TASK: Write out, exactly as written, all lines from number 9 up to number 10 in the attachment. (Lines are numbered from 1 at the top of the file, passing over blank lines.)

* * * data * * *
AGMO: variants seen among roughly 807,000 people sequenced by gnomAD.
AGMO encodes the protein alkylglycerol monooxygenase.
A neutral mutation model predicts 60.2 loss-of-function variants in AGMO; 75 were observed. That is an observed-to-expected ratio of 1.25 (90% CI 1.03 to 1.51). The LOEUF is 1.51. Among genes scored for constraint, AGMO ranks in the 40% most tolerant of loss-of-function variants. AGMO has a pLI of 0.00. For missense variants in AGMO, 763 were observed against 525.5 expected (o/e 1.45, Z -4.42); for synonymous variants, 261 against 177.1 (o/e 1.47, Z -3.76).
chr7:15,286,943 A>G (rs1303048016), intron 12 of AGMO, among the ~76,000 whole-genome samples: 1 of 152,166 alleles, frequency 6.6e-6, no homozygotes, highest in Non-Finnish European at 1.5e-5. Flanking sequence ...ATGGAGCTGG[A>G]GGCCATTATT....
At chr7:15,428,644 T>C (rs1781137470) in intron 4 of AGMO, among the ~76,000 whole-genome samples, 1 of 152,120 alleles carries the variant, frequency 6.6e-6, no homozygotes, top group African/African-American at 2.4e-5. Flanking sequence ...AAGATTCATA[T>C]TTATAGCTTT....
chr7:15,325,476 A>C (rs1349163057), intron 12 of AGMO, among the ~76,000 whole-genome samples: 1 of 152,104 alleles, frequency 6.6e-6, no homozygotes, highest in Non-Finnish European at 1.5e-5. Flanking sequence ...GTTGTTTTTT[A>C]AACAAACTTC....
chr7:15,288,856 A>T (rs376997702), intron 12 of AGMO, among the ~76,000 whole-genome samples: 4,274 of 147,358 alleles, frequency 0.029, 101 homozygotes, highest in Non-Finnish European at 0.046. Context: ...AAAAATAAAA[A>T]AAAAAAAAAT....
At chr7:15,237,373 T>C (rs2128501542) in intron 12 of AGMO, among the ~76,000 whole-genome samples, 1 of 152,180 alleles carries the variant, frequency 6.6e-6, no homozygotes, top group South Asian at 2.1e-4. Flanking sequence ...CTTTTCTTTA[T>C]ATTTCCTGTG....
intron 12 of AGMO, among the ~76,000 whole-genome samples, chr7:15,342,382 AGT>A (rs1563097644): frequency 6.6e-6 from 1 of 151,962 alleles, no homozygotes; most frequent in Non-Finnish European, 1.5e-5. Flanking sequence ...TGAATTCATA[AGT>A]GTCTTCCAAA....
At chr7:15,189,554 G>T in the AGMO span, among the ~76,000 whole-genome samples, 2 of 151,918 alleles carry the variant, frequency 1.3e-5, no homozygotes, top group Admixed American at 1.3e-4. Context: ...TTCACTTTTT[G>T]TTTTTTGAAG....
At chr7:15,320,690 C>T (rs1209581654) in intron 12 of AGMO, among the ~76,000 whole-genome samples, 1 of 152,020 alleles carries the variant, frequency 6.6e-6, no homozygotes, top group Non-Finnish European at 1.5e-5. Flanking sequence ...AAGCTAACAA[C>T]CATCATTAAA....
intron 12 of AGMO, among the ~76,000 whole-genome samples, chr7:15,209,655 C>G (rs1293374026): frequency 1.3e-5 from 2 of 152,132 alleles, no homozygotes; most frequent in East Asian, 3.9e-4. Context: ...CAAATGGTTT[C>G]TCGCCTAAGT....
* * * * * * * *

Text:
intron 12 of AGMO, among the ~76,000 whole-genome samples, chr7:15,342,382 AGT>A (rs1563097644): frequency 6.6e-6 from 1 of 151,962 alleles, no homozygotes; most frequent in Non-Finnish European, 1.5e-5. Flanking sequence ...TGAATTCATA[AGT>A]GTCTTCCAAA....
At chr7:15,189,554 G>T in the AGMO span, among the ~76,000 whole-genome samples, 2 of 151,918 alleles carry the variant, frequency 1.3e-5, no homozygotes, top group Admixed American at 1.3e-4. Context: ...TTCACTTTTT[G>T]TTTTTTGAAG....